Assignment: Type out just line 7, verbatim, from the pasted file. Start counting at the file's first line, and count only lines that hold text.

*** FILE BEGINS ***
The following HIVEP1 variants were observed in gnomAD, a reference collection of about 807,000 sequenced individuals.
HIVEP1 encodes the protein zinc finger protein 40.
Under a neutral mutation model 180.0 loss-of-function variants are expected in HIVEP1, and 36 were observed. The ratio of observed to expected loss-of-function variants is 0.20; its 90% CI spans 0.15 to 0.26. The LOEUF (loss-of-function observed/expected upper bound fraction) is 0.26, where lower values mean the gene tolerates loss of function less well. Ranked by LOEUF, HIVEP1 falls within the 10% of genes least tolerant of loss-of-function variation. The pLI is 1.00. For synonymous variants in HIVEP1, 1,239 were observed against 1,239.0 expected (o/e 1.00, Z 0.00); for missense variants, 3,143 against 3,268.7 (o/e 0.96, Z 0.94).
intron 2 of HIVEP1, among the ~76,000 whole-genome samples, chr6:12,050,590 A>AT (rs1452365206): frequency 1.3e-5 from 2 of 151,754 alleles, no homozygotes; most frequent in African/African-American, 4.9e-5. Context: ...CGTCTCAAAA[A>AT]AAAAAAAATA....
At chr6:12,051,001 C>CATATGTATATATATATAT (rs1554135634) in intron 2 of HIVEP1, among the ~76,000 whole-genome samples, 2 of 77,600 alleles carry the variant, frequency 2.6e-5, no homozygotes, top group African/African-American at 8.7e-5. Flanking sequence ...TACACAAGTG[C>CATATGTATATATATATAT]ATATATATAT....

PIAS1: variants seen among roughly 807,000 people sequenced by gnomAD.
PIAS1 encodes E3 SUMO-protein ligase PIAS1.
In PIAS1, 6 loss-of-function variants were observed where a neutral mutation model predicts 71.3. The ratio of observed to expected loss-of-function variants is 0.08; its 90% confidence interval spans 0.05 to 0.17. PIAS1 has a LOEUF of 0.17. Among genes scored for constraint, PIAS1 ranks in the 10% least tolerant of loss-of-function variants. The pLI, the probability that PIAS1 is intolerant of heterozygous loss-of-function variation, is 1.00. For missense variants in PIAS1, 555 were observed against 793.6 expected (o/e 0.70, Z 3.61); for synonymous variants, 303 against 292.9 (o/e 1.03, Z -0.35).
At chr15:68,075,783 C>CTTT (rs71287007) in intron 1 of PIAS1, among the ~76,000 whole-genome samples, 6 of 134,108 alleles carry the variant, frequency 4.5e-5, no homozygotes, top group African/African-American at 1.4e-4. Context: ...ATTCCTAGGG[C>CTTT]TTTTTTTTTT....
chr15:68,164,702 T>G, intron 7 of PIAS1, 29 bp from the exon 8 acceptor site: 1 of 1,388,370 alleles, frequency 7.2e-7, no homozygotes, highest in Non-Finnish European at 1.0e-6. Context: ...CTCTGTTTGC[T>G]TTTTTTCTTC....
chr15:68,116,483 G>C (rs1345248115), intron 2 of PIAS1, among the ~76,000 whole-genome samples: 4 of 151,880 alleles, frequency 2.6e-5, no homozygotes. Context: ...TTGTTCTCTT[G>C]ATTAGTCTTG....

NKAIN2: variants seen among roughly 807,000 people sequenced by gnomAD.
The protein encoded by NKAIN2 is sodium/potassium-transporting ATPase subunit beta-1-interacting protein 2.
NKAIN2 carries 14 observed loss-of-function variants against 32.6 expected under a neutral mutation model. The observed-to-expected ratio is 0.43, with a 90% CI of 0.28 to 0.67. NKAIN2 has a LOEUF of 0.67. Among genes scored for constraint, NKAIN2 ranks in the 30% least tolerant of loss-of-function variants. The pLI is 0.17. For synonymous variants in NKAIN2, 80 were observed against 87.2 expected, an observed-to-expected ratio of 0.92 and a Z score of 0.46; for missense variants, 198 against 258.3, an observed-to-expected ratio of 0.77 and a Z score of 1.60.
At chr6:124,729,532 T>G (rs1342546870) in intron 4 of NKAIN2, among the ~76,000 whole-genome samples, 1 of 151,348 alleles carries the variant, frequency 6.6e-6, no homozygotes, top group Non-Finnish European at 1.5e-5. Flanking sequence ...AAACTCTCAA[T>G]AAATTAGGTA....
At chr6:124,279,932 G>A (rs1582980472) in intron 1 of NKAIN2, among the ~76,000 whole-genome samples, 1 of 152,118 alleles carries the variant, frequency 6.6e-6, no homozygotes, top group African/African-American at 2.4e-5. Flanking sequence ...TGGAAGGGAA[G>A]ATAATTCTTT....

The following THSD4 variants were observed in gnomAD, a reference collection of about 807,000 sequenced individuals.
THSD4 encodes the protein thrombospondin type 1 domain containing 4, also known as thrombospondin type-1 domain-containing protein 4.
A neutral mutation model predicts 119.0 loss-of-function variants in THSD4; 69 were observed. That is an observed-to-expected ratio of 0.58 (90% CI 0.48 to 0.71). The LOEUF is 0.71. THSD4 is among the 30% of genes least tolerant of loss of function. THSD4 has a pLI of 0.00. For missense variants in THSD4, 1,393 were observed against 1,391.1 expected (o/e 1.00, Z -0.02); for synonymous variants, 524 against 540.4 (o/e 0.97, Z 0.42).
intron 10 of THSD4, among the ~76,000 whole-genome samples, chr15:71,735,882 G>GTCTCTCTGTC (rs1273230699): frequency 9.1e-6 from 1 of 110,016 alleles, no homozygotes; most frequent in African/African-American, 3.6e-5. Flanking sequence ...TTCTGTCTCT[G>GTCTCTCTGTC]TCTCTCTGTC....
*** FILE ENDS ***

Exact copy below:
PIAS1 encodes E3 SUMO-protein ligase PIAS1.